A bid to halt the prosecution of a former British solider charged in connection with the fatal shooting of an unarmed man with learning difficulties in Northern Ireland has been rejected.
Dismissing a defence application to stay the prosecution of Army veteran Dennis Hutchings, a judge told Belfast Crown Court he was satisfied the defendant, from Cawsand Torpoint in Cornwall, could receive a fair trial.
Hutchings, 77, is charged in relation to the fatal shooting of John Pat Cunningham in disputed circumstances in County Armagh in 1974.
The 27-year-old was shot in the back as he ran away from an Army patrol. His family contend he ran because he feared men in uniform.
Hutchings is charged with attempted murder and attempted grievous bodily harm with intent.
His lawyers had argued the case should be halted due to the unavailability of evidence; a delay in mounting the prosecution; and an alleged breach of promise related to an original decision by prosecutors in 1974 not to pursue charges.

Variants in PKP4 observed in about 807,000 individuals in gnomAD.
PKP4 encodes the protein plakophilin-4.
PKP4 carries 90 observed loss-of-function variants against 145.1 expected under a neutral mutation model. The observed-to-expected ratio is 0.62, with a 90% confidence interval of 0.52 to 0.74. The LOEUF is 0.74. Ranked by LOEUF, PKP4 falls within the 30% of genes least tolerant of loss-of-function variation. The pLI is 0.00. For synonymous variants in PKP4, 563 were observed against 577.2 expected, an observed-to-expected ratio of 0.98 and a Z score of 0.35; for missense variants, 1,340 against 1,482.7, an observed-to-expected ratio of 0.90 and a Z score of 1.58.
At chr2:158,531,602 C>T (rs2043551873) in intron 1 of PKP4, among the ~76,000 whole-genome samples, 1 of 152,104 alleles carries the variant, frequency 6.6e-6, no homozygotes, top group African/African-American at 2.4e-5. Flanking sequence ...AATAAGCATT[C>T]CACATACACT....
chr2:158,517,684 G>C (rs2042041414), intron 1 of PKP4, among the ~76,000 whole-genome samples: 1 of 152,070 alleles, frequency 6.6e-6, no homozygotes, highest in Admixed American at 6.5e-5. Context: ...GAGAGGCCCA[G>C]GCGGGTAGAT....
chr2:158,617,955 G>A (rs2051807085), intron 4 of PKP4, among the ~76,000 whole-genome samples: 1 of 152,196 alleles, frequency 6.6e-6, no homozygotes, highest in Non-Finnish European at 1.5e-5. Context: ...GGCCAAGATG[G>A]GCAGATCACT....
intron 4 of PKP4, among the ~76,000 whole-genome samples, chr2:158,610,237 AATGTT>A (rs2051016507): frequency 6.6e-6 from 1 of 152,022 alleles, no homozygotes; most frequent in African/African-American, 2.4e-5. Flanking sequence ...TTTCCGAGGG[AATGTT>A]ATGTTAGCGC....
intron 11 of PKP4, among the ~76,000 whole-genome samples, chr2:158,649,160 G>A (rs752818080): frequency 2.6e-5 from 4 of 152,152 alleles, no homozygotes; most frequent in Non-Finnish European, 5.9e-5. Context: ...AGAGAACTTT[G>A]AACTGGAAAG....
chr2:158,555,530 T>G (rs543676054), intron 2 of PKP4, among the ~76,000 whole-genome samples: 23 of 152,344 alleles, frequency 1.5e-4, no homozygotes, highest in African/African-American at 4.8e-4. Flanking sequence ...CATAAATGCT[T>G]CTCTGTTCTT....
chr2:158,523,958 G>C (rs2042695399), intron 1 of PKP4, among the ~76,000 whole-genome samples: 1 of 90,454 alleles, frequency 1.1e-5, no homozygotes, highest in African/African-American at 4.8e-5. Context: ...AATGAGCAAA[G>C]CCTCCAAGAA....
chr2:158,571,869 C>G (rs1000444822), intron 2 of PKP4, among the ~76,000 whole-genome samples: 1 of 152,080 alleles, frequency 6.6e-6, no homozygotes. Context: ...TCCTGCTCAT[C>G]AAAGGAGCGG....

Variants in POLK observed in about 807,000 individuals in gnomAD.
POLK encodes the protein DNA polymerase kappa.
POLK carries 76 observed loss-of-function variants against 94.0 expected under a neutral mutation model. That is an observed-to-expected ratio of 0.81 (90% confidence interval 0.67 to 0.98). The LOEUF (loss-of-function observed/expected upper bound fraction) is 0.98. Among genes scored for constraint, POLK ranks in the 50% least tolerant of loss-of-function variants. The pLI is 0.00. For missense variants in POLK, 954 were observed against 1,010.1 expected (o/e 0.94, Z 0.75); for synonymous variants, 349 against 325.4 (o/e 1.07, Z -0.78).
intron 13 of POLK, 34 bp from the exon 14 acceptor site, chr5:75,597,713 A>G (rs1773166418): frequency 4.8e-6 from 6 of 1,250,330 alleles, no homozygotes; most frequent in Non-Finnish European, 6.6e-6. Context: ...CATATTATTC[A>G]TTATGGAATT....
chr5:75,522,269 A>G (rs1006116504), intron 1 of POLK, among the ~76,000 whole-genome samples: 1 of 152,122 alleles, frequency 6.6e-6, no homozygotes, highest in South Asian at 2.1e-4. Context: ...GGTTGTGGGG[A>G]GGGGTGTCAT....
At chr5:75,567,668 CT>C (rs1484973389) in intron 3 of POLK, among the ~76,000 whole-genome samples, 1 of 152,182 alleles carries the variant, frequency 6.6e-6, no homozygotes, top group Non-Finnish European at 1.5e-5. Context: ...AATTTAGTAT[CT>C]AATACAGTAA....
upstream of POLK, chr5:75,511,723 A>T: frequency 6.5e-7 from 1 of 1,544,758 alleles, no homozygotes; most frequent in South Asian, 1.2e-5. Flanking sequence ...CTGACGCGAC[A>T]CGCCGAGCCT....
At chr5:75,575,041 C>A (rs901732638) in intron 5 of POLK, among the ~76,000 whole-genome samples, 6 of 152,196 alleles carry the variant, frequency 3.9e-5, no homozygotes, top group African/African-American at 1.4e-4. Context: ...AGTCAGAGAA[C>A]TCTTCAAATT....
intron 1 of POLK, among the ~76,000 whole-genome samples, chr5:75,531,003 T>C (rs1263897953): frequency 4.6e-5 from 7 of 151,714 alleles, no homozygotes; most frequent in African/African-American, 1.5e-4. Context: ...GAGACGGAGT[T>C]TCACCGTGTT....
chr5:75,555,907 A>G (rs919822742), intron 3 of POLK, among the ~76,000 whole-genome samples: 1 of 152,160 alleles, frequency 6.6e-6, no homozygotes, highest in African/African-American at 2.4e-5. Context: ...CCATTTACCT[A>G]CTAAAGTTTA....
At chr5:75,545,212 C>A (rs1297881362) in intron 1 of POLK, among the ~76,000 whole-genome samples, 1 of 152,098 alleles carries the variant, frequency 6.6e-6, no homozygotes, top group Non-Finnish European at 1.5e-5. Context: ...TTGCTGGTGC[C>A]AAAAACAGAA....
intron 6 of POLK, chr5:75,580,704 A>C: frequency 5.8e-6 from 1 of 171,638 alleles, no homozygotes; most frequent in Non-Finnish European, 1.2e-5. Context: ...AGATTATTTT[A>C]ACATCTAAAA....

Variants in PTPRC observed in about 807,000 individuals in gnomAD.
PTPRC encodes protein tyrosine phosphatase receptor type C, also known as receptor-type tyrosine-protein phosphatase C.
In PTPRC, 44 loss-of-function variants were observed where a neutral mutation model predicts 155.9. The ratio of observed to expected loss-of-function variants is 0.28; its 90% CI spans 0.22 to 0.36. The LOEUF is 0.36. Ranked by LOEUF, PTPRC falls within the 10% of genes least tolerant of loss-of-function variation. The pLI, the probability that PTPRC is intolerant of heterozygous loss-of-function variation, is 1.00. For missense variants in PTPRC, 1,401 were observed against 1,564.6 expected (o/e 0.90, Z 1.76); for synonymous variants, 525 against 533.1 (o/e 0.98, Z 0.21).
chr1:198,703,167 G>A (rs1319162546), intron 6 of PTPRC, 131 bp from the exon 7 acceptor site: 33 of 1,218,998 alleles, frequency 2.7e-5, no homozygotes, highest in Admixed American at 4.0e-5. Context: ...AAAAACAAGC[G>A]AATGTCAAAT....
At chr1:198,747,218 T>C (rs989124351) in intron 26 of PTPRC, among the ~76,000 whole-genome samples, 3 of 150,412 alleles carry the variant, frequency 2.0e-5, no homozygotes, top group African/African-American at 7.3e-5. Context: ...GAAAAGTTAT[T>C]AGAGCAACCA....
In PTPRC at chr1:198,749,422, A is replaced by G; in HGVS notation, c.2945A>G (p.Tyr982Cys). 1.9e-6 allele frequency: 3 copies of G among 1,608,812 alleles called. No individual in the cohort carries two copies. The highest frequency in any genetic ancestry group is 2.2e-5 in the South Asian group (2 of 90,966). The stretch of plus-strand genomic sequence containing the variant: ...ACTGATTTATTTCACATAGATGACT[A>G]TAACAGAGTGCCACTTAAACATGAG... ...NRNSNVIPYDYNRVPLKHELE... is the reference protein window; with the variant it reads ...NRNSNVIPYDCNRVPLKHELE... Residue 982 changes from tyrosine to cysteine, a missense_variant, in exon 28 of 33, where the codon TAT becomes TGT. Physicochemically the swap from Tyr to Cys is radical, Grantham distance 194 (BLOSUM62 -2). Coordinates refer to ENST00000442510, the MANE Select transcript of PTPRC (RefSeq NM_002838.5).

The news comes a day after the Prime Minister old the House of Commons that investigations into Northern Ireland’s troubled past are “patently unfair” in the way they only probe the activities of the security forces.
Speaking in the Commons, Theresa May said: “The situation we have at the moment is that the only people being investigated for those issues that happened in the past are those in our armed forces, or those who served in law enforcement in Northern Ireland. That is patently unfair.”